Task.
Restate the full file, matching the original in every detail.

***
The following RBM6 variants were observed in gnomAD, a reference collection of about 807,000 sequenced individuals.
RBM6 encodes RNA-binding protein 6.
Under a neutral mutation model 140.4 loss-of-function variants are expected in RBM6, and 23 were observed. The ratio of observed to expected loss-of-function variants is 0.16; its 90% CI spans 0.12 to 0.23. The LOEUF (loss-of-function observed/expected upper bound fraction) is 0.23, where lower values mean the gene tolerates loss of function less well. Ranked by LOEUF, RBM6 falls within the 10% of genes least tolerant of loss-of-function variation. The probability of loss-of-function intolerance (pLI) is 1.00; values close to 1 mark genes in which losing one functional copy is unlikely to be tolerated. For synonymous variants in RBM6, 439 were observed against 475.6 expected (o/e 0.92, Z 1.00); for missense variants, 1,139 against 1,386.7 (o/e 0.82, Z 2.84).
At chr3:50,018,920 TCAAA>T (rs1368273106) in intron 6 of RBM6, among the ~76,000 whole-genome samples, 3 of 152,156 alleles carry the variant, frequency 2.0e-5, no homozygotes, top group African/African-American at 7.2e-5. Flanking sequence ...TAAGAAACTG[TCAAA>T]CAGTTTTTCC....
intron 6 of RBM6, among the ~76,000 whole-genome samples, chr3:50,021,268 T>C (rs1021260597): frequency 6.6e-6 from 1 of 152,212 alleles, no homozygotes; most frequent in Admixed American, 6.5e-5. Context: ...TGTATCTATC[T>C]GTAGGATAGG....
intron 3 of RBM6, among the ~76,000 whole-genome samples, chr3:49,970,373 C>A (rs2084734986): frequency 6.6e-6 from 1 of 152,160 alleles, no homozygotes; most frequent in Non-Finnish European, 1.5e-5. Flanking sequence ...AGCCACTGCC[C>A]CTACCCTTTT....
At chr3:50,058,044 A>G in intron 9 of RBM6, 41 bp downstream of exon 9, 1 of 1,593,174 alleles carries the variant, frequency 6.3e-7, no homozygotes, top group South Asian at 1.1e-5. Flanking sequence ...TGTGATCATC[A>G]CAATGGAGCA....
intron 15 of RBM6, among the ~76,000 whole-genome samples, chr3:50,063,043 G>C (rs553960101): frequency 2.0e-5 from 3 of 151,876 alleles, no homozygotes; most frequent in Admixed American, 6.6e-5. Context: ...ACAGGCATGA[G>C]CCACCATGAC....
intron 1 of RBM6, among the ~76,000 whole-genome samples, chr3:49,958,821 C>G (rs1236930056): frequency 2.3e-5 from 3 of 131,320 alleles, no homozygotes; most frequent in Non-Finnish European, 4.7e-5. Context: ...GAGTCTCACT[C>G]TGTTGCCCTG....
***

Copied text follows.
The following RBM6 variants were observed in gnomAD, a reference collection of about 807,000 sequenced individuals.
RBM6 encodes RNA-binding protein 6.
Under a neutral mutation model 140.4 loss-of-function variants are expected in RBM6, and 23 were observed. The ratio of observed to expected loss-of-function variants is 0.16; its 90% CI spans 0.12 to 0.23. The LOEUF (loss-of-function observed/expected upper bound fraction) is 0.23, where lower values mean the gene tolerates loss of function less well. Ranked by LOEUF, RBM6 falls within the 10% of genes least tolerant of loss-of-function variation. The probability of loss-of-function intolerance (pLI) is 1.00; values close to 1 mark genes in which losing one functional copy is unlikely to be tolerated. For synonymous variants in RBM6, 439 were observed against 475.6 expected (o/e 0.92, Z 1.00); for missense variants, 1,139 against 1,386.7 (o/e 0.82, Z 2.84).
At chr3:50,018,920 TCAAA>T (rs1368273106) in intron 6 of RBM6, among the ~76,000 whole-genome samples, 3 of 152,156 alleles carry the variant, frequency 2.0e-5, no homozygotes, top group African/African-American at 7.2e-5. Flanking sequence ...TAAGAAACTG[TCAAA>T]CAGTTTTTCC....
intron 6 of RBM6, among the ~76,000 whole-genome samples, chr3:50,021,268 T>C (rs1021260597): frequency 6.6e-6 from 1 of 152,212 alleles, no homozygotes; most frequent in Admixed American, 6.5e-5. Context: ...TGTATCTATC[T>C]GTAGGATAGG....
intron 3 of RBM6, among the ~76,000 whole-genome samples, chr3:49,970,373 C>A (rs2084734986): frequency 6.6e-6 from 1 of 152,160 alleles, no homozygotes; most frequent in Non-Finnish European, 1.5e-5. Flanking sequence ...AGCCACTGCC[C>A]CTACCCTTTT....
At chr3:50,058,044 A>G in intron 9 of RBM6, 41 bp downstream of exon 9, 1 of 1,593,174 alleles carries the variant, frequency 6.3e-7, no homozygotes, top group South Asian at 1.1e-5. Flanking sequence ...TGTGATCATC[A>G]CAATGGAGCA....
intron 15 of RBM6, among the ~76,000 whole-genome samples, chr3:50,063,043 G>C (rs553960101): frequency 2.0e-5 from 3 of 151,876 alleles, no homozygotes; most frequent in Admixed American, 6.6e-5. Context: ...ACAGGCATGA[G>C]CCACCATGAC....
intron 1 of RBM6, among the ~76,000 whole-genome samples, chr3:49,958,821 C>G (rs1236930056): frequency 2.3e-5 from 3 of 131,320 alleles, no homozygotes; most frequent in Non-Finnish European, 4.7e-5. Context: ...GAGTCTCACT[C>G]TGTTGCCCTG....